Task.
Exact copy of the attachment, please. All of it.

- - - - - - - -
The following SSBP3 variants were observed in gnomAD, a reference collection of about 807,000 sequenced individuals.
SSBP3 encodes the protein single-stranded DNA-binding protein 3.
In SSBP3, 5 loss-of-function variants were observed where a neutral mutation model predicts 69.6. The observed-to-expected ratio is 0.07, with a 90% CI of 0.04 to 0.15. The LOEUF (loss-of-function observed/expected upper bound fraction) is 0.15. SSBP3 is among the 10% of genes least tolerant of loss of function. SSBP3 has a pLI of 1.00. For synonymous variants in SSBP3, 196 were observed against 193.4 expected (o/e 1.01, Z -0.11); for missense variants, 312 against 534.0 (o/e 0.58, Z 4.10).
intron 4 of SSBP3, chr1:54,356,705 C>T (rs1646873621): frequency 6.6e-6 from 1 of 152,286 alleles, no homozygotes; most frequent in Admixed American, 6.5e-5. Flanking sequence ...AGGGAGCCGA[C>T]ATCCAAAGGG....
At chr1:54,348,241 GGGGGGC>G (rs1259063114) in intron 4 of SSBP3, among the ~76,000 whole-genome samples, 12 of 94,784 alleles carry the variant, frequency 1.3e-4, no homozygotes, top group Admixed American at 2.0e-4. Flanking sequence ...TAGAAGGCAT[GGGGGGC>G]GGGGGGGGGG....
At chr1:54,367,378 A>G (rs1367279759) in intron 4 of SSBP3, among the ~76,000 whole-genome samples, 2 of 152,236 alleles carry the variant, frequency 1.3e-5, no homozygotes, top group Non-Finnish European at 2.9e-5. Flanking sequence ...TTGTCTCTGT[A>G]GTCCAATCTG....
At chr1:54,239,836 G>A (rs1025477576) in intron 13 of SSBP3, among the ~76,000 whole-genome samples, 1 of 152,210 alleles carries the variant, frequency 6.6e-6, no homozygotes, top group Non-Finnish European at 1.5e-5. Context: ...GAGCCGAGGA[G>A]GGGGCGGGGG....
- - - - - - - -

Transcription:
The following SSBP3 variants were observed in gnomAD, a reference collection of about 807,000 sequenced individuals.
SSBP3 encodes the protein single-stranded DNA-binding protein 3.
In SSBP3, 5 loss-of-function variants were observed where a neutral mutation model predicts 69.6. The observed-to-expected ratio is 0.07, with a 90% CI of 0.04 to 0.15. The LOEUF (loss-of-function observed/expected upper bound fraction) is 0.15. SSBP3 is among the 10% of genes least tolerant of loss of function. SSBP3 has a pLI of 1.00. For synonymous variants in SSBP3, 196 were observed against 193.4 expected (o/e 1.01, Z -0.11); for missense variants, 312 against 534.0 (o/e 0.58, Z 4.10).
intron 4 of SSBP3, chr1:54,356,705 C>T (rs1646873621): frequency 6.6e-6 from 1 of 152,286 alleles, no homozygotes; most frequent in Admixed American, 6.5e-5. Flanking sequence ...AGGGAGCCGA[C>T]ATCCAAAGGG....
At chr1:54,348,241 GGGGGGC>G (rs1259063114) in intron 4 of SSBP3, among the ~76,000 whole-genome samples, 12 of 94,784 alleles carry the variant, frequency 1.3e-4, no homozygotes, top group Admixed American at 2.0e-4. Flanking sequence ...TAGAAGGCAT[GGGGGGC>G]GGGGGGGGGG....
At chr1:54,367,378 A>G (rs1367279759) in intron 4 of SSBP3, among the ~76,000 whole-genome samples, 2 of 152,236 alleles carry the variant, frequency 1.3e-5, no homozygotes, top group Non-Finnish European at 2.9e-5. Flanking sequence ...TTGTCTCTGT[A>G]GTCCAATCTG....
At chr1:54,239,836 G>A (rs1025477576) in intron 13 of SSBP3, among the ~76,000 whole-genome samples, 1 of 152,210 alleles carries the variant, frequency 6.6e-6, no homozygotes, top group Non-Finnish European at 1.5e-5. Context: ...GAGCCGAGGA[G>A]GGGGCGGGGG....